"The thing that keeps me from showing people how well rounded my skills are comes down to the fact that when I get in there I don't always execute everything I'm capable of. A lot of people when they roll around and grapple with me for the first time are shocked because they weren't aware that I knew how to grapple like that. Or not even think that I'm that decent at it where I'm pretty good at rolling. Some people don't realize where my striking is at but I can stand up and strike with the best of them. The thing about the game of mixed martial arts is that you have to really be comfortable to get in there and let it all blend together. It's just a mental thing and turning that cage into your playground. When you go out there to fight you have to make it your playground and I can admit there have been times when I haven't done that. You have to go out there and enjoy yourself to the point where you can whatever you want because you have the freedom of knowing no matter how the skill comes across I'll be able to recover. I'm still missing that little piece before I can really transform myself into the fighter that I know I can be. That's the motivation and that's what pushes me to keep on going is the simple fact that nobody has really seen me fight yet."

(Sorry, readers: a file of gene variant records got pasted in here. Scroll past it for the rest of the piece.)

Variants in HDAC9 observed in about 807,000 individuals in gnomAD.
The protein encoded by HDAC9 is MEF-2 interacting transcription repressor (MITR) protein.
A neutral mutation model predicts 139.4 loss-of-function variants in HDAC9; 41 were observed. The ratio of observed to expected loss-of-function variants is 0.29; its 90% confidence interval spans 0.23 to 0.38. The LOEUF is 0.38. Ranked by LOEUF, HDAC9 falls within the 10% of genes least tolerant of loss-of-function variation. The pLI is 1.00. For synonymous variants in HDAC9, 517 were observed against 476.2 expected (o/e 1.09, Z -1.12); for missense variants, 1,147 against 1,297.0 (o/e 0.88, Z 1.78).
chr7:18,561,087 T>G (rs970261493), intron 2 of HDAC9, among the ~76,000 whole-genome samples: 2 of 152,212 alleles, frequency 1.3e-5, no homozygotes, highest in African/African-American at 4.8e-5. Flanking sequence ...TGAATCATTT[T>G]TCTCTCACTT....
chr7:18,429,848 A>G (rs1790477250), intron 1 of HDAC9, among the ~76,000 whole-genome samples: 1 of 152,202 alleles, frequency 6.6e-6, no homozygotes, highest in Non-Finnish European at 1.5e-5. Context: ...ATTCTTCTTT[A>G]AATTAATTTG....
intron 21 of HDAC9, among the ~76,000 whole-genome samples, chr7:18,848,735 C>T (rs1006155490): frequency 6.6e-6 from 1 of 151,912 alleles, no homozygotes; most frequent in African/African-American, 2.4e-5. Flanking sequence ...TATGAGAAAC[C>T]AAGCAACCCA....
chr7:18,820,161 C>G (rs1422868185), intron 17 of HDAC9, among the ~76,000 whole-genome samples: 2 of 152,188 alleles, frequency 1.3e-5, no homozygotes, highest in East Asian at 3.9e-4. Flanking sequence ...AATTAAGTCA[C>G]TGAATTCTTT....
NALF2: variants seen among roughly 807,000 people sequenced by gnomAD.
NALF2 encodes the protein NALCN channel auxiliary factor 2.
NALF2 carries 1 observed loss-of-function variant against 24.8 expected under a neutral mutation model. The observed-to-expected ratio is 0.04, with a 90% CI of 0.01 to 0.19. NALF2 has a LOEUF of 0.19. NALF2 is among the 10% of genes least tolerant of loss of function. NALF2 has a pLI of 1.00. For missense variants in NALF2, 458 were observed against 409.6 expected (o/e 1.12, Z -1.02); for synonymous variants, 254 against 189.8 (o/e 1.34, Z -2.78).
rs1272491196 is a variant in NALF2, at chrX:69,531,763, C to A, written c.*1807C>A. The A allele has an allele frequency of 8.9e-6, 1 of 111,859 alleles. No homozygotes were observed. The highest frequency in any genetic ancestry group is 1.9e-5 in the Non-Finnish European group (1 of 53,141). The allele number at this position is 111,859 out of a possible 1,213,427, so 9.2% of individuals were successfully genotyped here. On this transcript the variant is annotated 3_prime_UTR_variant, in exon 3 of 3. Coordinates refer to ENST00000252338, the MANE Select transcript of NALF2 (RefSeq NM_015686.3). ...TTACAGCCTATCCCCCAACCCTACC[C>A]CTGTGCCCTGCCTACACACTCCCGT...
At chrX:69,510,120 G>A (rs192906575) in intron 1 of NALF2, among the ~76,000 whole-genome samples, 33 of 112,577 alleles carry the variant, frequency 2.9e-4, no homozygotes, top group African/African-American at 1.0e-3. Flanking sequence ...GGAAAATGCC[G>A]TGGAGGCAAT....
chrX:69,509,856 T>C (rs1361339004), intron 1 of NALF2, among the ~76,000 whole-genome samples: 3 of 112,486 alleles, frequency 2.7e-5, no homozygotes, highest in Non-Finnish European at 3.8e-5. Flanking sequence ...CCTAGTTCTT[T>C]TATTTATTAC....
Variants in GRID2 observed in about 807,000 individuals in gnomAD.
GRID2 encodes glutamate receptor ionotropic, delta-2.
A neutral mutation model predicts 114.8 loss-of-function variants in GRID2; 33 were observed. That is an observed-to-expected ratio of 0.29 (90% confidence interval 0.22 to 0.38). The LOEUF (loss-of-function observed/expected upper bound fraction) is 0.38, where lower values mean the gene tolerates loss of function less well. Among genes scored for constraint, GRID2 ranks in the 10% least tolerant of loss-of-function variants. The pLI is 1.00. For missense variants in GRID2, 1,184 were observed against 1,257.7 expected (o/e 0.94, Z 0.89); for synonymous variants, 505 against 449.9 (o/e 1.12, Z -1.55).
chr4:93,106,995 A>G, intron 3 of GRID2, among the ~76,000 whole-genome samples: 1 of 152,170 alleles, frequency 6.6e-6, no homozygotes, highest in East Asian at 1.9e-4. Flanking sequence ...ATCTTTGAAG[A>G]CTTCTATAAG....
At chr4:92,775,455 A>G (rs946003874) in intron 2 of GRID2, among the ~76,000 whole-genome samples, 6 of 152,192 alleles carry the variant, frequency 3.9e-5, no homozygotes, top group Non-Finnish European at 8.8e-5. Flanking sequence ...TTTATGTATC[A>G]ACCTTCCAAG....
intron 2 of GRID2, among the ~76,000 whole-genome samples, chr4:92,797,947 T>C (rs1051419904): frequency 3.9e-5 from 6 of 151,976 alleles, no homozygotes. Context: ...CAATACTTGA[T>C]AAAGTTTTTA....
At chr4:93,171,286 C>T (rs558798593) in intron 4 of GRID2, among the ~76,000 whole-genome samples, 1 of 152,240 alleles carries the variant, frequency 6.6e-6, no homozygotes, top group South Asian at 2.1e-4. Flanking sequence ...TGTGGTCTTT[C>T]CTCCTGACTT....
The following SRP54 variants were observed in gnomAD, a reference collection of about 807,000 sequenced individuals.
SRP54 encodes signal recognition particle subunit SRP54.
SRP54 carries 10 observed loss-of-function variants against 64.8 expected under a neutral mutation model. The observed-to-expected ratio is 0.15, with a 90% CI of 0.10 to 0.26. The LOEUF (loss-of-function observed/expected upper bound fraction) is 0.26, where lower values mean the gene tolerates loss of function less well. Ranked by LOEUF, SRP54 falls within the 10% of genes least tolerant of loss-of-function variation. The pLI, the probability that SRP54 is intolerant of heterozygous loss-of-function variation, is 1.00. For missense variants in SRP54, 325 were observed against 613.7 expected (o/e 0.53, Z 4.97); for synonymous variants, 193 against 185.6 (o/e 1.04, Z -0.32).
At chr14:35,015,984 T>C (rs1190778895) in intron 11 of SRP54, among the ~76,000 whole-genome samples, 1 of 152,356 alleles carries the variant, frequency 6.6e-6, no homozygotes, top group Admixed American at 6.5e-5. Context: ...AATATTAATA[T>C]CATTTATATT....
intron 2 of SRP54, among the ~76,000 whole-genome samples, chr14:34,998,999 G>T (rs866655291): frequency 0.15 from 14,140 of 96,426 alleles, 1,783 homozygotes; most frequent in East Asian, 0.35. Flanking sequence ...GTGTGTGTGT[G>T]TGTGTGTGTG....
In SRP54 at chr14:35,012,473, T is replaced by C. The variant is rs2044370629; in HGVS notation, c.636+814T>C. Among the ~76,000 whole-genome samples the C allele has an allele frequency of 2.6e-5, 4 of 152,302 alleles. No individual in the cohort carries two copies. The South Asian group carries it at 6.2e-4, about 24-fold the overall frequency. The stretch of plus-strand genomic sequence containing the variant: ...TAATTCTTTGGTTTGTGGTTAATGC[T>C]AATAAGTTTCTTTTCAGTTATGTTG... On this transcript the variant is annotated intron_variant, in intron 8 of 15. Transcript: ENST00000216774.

Former UFC Light Heavyweight Champion Rashad Evans, who's rehabbing a knee injury that booted him from a March 19 title fight against "Shogun" Rua at UFC 128, tells Duane Finley a few pieces of the "Suga" puzzle are still missing and fans have yet to see his true capabilities inside the Octagon. Now that he's made it clear he won't turn down a Jon Jones fight, is he the true number one contender for the 205-pound strap? Or did he miss his opportunity and get sent to the back of the line? Let's hear your perspective on where Evans sits in the crowded 205-pound division.